Turkish culture has undergone a huge shift in the 100 years. Before 1923, the Ottoman Empire was a
multi-ethnic state. However, it was segregated, and ethnic and religious groups did not mix with each other, retaining their own separate identities. That changed with the birth of the Turkish Republic, however, as the country began to look towards an approach that integrated its diverse cultures to produce one national identity.
Today, Turkey is a modern country with a diverse group of intertwined culture including Muslims, Jews, Greeks, Armenians and Syrians. There’s also a strong divide between rural and cosmopolitan living, with Turks in the countryside adopting a more conservative way of life, while city-dwelling Turks look to a more modern way of life.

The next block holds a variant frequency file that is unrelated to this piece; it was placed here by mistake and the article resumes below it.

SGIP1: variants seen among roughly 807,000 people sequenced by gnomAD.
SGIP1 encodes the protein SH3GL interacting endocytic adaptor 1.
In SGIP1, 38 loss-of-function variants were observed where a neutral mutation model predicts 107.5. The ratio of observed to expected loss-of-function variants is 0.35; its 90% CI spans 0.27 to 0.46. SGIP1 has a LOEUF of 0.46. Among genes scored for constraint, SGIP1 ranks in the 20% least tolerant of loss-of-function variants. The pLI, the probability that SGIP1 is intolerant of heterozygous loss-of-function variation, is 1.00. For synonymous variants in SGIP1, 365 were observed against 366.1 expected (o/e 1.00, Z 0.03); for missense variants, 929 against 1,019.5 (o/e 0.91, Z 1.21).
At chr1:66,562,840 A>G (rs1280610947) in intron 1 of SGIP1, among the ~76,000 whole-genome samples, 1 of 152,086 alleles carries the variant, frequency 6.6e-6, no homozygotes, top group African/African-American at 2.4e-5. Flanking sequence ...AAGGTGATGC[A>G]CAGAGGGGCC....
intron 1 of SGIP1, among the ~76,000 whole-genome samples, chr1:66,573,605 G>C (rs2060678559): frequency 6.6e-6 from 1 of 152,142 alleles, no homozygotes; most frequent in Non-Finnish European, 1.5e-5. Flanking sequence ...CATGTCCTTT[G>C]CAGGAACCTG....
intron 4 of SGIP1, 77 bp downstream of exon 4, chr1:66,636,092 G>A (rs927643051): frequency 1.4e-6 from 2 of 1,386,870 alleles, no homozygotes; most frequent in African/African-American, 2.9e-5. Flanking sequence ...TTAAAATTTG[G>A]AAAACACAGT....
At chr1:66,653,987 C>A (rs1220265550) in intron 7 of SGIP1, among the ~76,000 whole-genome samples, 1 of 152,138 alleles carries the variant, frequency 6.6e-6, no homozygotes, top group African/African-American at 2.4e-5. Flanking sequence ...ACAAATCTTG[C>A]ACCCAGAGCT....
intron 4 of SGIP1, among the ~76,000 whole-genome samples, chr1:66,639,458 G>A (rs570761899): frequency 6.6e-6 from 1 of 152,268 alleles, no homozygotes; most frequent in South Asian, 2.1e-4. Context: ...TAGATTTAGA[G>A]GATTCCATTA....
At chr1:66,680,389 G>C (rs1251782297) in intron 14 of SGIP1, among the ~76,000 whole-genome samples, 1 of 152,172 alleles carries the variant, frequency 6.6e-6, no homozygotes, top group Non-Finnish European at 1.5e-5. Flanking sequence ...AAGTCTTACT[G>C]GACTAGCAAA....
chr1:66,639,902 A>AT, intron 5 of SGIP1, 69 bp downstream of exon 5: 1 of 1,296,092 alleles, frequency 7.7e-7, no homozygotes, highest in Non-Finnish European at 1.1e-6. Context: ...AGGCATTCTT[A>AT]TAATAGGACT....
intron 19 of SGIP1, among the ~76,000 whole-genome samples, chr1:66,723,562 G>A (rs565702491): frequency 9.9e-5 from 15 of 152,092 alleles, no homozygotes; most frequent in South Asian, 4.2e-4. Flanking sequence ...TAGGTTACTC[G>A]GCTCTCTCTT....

Turkey is home to some 80 million citizens. Three quarters of the population is of Turkish ancestry, primarily progressive Muslims. Turkey is also home to a large population of Muslim Kurds, comprising roughly 18% of the population of Turkey. In the last few years, Turkey has also become home to a high number of Syrian refugees, and around 3.5 million are thought to live in the country.
Turkey’s population is overwhelming youthful, and upwardly mobile. Young professionals are moving to the cities in greater numbers, changing the face of Turkey’s urban centers, and driving its economy.